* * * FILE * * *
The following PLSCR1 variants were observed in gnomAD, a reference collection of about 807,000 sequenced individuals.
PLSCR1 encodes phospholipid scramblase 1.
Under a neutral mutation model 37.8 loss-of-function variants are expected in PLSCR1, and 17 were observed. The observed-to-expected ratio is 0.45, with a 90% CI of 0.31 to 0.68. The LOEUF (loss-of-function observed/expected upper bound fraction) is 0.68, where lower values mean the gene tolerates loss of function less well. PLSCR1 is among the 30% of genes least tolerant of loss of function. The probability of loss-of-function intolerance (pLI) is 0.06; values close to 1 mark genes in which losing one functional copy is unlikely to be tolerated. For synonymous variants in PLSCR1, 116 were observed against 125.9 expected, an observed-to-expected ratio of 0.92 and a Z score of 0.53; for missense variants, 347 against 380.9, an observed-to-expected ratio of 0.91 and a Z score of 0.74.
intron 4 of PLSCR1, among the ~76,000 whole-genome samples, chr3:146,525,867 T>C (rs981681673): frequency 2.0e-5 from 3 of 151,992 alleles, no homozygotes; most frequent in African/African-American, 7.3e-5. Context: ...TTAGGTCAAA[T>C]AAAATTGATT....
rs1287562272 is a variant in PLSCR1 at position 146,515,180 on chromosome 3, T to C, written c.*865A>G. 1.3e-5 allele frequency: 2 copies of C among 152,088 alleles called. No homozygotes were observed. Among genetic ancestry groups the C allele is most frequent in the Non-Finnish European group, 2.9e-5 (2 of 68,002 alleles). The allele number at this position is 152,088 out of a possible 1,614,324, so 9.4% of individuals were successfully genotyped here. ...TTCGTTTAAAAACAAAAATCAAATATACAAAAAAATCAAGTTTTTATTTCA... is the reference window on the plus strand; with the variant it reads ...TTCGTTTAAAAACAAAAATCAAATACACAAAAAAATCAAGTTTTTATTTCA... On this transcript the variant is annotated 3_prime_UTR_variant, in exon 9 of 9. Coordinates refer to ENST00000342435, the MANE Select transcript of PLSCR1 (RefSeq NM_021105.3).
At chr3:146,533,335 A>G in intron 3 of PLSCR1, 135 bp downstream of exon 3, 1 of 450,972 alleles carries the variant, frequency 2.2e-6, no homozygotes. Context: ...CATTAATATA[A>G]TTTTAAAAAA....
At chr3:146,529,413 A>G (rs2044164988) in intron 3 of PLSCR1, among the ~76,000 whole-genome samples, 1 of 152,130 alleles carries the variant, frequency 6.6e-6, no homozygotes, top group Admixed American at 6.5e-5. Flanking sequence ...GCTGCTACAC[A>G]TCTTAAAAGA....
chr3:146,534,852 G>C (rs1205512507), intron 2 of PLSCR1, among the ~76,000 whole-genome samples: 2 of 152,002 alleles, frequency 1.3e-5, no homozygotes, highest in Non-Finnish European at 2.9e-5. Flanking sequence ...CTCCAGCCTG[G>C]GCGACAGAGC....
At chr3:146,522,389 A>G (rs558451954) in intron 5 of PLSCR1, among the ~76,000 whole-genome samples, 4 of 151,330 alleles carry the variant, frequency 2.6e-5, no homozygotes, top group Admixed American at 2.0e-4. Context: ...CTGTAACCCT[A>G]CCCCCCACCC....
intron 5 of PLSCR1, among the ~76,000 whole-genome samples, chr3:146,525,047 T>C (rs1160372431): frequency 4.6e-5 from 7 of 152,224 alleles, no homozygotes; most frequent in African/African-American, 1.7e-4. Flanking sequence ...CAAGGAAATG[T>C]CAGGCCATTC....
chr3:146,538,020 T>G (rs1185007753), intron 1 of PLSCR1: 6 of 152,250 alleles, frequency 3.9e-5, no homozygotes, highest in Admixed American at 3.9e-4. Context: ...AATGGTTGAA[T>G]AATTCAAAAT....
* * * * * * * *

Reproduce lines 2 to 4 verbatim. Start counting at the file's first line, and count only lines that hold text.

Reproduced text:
PLSCR1 encodes phospholipid scramblase 1.
Under a neutral mutation model 37.8 loss-of-function variants are expected in PLSCR1, and 17 were observed. The observed-to-expected ratio is 0.45, with a 90% CI of 0.31 to 0.68. The LOEUF (loss-of-function observed/expected upper bound fraction) is 0.68, where lower values mean the gene tolerates loss of function less well. PLSCR1 is among the 30% of genes least tolerant of loss of function. The probability of loss-of-function intolerance (pLI) is 0.06; values close to 1 mark genes in which losing one functional copy is unlikely to be tolerated. For synonymous variants in PLSCR1, 116 were observed against 125.9 expected, an observed-to-expected ratio of 0.92 and a Z score of 0.53; for missense variants, 347 against 380.9, an observed-to-expected ratio of 0.91 and a Z score of 0.74.
intron 4 of PLSCR1, among the ~76,000 whole-genome samples, chr3:146,525,867 T>C (rs981681673): frequency 2.0e-5 from 3 of 151,992 alleles, no homozygotes; most frequent in African/African-American, 7.3e-5. Context: ...TTAGGTCAAA[T>C]AAAATTGATT....